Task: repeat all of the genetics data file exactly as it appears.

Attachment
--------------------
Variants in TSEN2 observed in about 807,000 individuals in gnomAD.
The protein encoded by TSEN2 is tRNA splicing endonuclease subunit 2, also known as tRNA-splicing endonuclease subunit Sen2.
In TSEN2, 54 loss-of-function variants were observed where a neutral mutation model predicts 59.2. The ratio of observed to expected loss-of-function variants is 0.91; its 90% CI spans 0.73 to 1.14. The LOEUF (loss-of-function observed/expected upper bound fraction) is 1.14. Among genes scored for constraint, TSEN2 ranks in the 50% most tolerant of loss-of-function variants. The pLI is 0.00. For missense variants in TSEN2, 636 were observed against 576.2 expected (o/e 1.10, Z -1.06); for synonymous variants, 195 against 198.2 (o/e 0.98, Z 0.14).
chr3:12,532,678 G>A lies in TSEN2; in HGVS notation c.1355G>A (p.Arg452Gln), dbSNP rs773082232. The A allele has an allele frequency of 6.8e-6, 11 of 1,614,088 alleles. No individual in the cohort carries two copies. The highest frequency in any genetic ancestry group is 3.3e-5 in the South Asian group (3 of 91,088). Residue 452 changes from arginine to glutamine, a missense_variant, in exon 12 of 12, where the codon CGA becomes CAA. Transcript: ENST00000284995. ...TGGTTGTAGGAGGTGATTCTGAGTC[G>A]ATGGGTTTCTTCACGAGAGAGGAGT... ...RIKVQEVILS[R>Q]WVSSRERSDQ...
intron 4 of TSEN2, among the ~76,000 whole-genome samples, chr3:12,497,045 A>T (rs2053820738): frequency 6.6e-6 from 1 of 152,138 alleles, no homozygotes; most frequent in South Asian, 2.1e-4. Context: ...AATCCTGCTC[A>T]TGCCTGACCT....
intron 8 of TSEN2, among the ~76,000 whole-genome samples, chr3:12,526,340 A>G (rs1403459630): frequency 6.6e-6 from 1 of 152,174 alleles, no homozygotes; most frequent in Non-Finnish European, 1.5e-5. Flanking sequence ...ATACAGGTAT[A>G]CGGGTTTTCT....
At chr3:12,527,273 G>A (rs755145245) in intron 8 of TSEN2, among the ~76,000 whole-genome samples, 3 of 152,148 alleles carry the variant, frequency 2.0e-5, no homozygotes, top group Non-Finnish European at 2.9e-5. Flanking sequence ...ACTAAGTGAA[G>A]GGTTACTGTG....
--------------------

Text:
Variants in TSEN2 observed in about 807,000 individuals in gnomAD.
The protein encoded by TSEN2 is tRNA splicing endonuclease subunit 2, also known as tRNA-splicing endonuclease subunit Sen2.
In TSEN2, 54 loss-of-function variants were observed where a neutral mutation model predicts 59.2. The ratio of observed to expected loss-of-function variants is 0.91; its 90% CI spans 0.73 to 1.14. The LOEUF (loss-of-function observed/expected upper bound fraction) is 1.14. Among genes scored for constraint, TSEN2 ranks in the 50% most tolerant of loss-of-function variants. The pLI is 0.00. For missense variants in TSEN2, 636 were observed against 576.2 expected (o/e 1.10, Z -1.06); for synonymous variants, 195 against 198.2 (o/e 0.98, Z 0.14).
chr3:12,532,678 G>A lies in TSEN2; in HGVS notation c.1355G>A (p.Arg452Gln), dbSNP rs773082232. The A allele has an allele frequency of 6.8e-6, 11 of 1,614,088 alleles. No individual in the cohort carries two copies. The highest frequency in any genetic ancestry group is 3.3e-5 in the South Asian group (3 of 91,088). Residue 452 changes from arginine to glutamine, a missense_variant, in exon 12 of 12, where the codon CGA becomes CAA. Transcript: ENST00000284995. ...TGGTTGTAGGAGGTGATTCTGAGTC[G>A]ATGGGTTTCTTCACGAGAGAGGAGT... ...RIKVQEVILS[R>Q]WVSSRERSDQ...
intron 4 of TSEN2, among the ~76,000 whole-genome samples, chr3:12,497,045 A>T (rs2053820738): frequency 6.6e-6 from 1 of 152,138 alleles, no homozygotes; most frequent in South Asian, 2.1e-4. Context: ...AATCCTGCTC[A>T]TGCCTGACCT....
intron 8 of TSEN2, among the ~76,000 whole-genome samples, chr3:12,526,340 A>G (rs1403459630): frequency 6.6e-6 from 1 of 152,174 alleles, no homozygotes; most frequent in Non-Finnish European, 1.5e-5. Flanking sequence ...ATACAGGTAT[A>G]CGGGTTTTCT....
At chr3:12,527,273 G>A (rs755145245) in intron 8 of TSEN2, among the ~76,000 whole-genome samples, 3 of 152,148 alleles carry the variant, frequency 2.0e-5, no homozygotes, top group Non-Finnish European at 2.9e-5. Flanking sequence ...ACTAAGTGAA[G>A]GGTTACTGTG....